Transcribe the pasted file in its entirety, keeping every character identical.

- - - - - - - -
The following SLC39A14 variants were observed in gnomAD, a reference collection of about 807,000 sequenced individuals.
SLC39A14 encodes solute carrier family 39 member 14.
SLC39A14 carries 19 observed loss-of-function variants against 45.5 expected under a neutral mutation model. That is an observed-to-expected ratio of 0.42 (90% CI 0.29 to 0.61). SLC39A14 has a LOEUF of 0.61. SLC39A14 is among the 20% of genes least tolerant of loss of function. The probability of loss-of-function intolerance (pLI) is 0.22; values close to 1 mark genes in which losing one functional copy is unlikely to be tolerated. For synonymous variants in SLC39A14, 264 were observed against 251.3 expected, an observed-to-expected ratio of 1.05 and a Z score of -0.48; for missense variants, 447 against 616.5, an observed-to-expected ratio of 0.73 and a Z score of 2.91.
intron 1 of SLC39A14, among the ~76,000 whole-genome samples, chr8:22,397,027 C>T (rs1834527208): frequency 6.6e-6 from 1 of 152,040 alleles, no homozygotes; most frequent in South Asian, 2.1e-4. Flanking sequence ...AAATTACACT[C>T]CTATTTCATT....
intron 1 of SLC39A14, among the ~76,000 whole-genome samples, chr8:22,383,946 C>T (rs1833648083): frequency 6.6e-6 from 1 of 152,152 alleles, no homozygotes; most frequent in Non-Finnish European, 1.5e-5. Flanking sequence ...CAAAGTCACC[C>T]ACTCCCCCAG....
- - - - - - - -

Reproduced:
The following SLC39A14 variants were observed in gnomAD, a reference collection of about 807,000 sequenced individuals.
SLC39A14 encodes solute carrier family 39 member 14.
SLC39A14 carries 19 observed loss-of-function variants against 45.5 expected under a neutral mutation model. That is an observed-to-expected ratio of 0.42 (90% CI 0.29 to 0.61). SLC39A14 has a LOEUF of 0.61. SLC39A14 is among the 20% of genes least tolerant of loss of function. The probability of loss-of-function intolerance (pLI) is 0.22; values close to 1 mark genes in which losing one functional copy is unlikely to be tolerated. For synonymous variants in SLC39A14, 264 were observed against 251.3 expected, an observed-to-expected ratio of 1.05 and a Z score of -0.48; for missense variants, 447 against 616.5, an observed-to-expected ratio of 0.73 and a Z score of 2.91.
intron 1 of SLC39A14, among the ~76,000 whole-genome samples, chr8:22,397,027 C>T (rs1834527208): frequency 6.6e-6 from 1 of 152,040 alleles, no homozygotes; most frequent in South Asian, 2.1e-4. Flanking sequence ...AAATTACACT[C>T]CTATTTCATT....
intron 1 of SLC39A14, among the ~76,000 whole-genome samples, chr8:22,383,946 C>T (rs1833648083): frequency 6.6e-6 from 1 of 152,152 alleles, no homozygotes; most frequent in Non-Finnish European, 1.5e-5. Flanking sequence ...CAAAGTCACC[C>T]ACTCCCCCAG....